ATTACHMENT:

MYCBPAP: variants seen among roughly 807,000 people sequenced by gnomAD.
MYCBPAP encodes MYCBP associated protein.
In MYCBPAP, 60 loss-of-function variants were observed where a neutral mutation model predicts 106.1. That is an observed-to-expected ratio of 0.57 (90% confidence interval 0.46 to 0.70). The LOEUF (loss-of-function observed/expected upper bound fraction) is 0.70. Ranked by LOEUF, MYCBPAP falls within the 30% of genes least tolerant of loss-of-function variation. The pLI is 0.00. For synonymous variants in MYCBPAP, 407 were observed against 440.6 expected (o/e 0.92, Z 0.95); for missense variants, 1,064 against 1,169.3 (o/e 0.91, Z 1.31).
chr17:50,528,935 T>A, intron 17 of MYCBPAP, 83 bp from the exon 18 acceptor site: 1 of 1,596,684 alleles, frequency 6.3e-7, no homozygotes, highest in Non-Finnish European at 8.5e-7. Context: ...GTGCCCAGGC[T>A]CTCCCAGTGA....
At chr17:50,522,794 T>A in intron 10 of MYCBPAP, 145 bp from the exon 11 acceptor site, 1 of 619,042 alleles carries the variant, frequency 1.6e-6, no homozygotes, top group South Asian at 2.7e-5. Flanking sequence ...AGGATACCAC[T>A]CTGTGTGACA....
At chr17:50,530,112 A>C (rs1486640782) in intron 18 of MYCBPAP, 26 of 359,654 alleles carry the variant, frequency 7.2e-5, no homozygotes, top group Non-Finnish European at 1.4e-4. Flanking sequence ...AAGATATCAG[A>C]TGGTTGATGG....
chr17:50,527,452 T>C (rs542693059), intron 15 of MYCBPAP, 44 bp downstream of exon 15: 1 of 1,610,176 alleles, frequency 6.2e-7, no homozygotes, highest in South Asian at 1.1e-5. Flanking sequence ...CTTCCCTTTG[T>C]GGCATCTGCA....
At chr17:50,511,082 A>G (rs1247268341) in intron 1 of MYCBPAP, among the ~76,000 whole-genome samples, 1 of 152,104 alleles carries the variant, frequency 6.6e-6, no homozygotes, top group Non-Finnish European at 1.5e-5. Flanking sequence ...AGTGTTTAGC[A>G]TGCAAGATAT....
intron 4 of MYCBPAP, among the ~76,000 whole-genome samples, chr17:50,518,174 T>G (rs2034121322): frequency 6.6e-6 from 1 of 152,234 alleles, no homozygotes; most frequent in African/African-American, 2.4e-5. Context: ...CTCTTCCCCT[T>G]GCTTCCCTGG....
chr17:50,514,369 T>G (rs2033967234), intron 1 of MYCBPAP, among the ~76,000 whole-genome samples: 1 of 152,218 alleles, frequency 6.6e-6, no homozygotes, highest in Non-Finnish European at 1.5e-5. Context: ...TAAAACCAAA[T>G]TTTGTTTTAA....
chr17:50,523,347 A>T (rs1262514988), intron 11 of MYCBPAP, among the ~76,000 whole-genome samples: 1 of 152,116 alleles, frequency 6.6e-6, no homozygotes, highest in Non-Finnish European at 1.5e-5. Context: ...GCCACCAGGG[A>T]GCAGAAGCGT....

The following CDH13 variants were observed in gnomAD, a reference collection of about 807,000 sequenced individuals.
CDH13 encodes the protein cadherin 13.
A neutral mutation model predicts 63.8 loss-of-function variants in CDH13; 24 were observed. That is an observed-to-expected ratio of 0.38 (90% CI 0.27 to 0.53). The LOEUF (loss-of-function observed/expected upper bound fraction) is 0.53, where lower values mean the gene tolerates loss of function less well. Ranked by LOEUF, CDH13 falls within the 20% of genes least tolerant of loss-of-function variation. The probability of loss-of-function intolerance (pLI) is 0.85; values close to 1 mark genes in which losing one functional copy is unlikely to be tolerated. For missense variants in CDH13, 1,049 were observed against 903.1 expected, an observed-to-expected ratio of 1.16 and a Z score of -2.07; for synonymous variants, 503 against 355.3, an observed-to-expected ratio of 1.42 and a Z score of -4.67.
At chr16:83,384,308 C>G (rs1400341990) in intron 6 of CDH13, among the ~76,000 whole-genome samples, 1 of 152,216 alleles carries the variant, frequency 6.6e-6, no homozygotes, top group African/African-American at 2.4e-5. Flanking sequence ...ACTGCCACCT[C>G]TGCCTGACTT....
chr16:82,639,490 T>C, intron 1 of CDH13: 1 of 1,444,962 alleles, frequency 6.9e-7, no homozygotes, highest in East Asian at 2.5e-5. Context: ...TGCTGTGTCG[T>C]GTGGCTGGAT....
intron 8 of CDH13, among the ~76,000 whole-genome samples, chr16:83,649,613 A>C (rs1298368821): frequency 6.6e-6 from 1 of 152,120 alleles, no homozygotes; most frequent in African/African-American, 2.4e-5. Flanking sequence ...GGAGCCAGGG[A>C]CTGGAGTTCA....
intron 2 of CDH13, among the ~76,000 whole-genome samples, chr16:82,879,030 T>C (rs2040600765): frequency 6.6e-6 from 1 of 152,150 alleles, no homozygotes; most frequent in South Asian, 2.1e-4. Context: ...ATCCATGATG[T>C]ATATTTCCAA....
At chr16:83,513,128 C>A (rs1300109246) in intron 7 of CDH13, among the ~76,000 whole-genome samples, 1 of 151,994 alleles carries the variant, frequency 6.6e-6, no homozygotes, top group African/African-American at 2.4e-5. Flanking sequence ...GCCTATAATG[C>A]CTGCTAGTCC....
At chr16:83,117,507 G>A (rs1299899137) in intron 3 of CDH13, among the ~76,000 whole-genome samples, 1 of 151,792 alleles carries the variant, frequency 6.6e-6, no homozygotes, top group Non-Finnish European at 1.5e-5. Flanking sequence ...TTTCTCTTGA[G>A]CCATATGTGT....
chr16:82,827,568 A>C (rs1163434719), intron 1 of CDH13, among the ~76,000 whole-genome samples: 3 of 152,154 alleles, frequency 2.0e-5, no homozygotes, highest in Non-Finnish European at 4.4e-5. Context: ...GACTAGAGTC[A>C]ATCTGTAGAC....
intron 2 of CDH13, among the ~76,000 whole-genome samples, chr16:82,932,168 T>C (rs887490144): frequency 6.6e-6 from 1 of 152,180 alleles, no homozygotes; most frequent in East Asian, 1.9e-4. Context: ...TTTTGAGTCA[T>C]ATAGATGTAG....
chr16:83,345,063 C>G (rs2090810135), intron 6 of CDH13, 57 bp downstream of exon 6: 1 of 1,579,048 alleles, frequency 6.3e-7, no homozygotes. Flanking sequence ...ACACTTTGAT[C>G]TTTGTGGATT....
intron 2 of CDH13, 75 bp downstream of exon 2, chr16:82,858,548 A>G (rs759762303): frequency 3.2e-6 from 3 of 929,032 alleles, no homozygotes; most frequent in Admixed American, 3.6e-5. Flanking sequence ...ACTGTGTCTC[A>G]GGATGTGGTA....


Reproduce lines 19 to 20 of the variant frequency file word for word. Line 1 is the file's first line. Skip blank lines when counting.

At chr16:83,513,128 C>A (rs1300109246) in intron 7 of CDH13, among the ~76,000 whole-genome samples, 1 of 151,994 alleles carries the variant, frequency 6.6e-6, no homozygotes, top group African/African-American at 2.4e-5. Flanking sequence ...GCCTATAATG[C>A]CTGCTAGTCC....
At chr16:83,117,507 G>A (rs1299899137) in intron 3 of CDH13, among the ~76,000 whole-genome samples, 1 of 151,792 alleles carries the variant, frequency 6.6e-6, no homozygotes, top group Non-Finnish European at 1.5e-5. Flanking sequence ...TTTCTCTTGA[G>A]CCATATGTGT....